The saquinavir and ritonavir issue is a little different. These are so-called protease inhibitors and yes, they do have side effects, potentially serious ones, but they also do an excellent job of suppressing HIV replication in conjunction with one or more other classes of drugs and that's worth putting up with some risks. There are many patients who absolutely need them. When people face serious and ultimately life threatening illness and they don't have better alternatives, then a more expedited path to widespread use makes sense. (The new problem that has been discovered, as it turns out, is somewhat speculative and only effects some patients who are at risk for cardiac arrest.) It seems to me that these are distinctions we ought to be able to make even though. It would slow down some drug company profits but it would make more sense from a population health point of view.
Tuesday, February 23, 2010
As long-time readers know, I'm definitely concerned about loss of topsoil and agricultural runoff but I'm uncomfortable with no-till agriculture because it requires heavy use of herbicides. We're often told that herbicides in common use in the U.S. are safe but new information about one of the most widely used, atrazine, is disturbing. U.S. farmers use 34 million kilograms of the stuff every year.
It's been considered safe but it turns out that the studies on which that conclusion has been based are, you guessed it, largely funded by the pesticide industry and even conducted by scientists employed by the industry. Atrazine is found in drinking water in the U.S. It is now emerging that it is an endocrine disruptor that affects the sexual development of amphibians, fish and mammals.
Robust data suggestive of hormonal effects, including partial gender reassignment, come from amphibians and fish. And a review in the January Environmental Health Perspectives by Jason Rohr and Krista McCoy of the University of South Florida in Tampa includes more than a dozen papers out since atrazine’s last regulatory review. The EHP review highlights a long list of reproductive and developmental impacts in these animals. . . .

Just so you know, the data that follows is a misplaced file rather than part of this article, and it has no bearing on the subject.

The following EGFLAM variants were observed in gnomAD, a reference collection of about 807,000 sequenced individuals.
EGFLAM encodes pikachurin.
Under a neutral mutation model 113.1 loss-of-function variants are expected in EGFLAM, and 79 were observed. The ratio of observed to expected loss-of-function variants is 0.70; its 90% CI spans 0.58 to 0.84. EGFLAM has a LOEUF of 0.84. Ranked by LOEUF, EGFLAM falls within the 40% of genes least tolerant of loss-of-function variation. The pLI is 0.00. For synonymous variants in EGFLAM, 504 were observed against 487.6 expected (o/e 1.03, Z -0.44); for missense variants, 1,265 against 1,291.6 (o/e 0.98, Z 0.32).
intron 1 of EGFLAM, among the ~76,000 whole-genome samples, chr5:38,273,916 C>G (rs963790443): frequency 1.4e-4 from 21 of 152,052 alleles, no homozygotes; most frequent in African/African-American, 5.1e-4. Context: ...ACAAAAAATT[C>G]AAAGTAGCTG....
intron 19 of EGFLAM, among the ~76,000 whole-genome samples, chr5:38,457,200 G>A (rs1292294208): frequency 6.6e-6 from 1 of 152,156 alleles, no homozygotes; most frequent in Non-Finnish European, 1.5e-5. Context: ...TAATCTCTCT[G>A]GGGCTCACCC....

Previous EPA analyses of atrazine safety had access to four earlier reviews of animal data, Rohr notes — all funded at least in part by industry. He maintains that his is the first review that is free of industry involvement. Funding for his assessment came from the EPA, the National Science Foundation and the U.S. Department of Agriculture.
There are suggestions from epidemiological studies that atrazine may be causing birth defects in humans. We could ban atrazine -- I'm not holding my breath -- but I don't have a great deal of confidence in alternatives either. Glyphosate (Roundup©), one of the most widely used, is sold by Monsanto in conjunction with genetically modified seeds that are resistant. It's considered very safe but as usual, industry funding is largely behind that belief. It's often used with a surfactant which is toxic to fish and amphibian larvae. Since the surfactant is not considered an "active ingredient," it is unregulated. There is a great deal of evidence of toxicity of Roundup in mammals, including humans, but again, it may be the formulation, not the glyphosate per se, that does the damage. It doesn't matter, it's Roundup, not pure glyphosate, that's being sprayed all over the earth. (The Wikipedia article is as good a source as any on all this. We've known it forever -- I wrote a report that contained all this information when I was in graduate school in environmental policy in the 1980s.)
All this strikes me as nuts. I am going to continue to control weeds by tilling and mulching. Unfortunately, for large scale agriculture, that's very difficult and right now, we can't feed the world without resorting to these unpleasant alternatives.
Monday, February 22, 2010
It's bad enough, I suppose, that you can market any eye of newt and toe of frog without FDA approval, until and unless people start dropping dead from it, but the same applies to medical devices. Here's an FDA notice that may make you incredulous: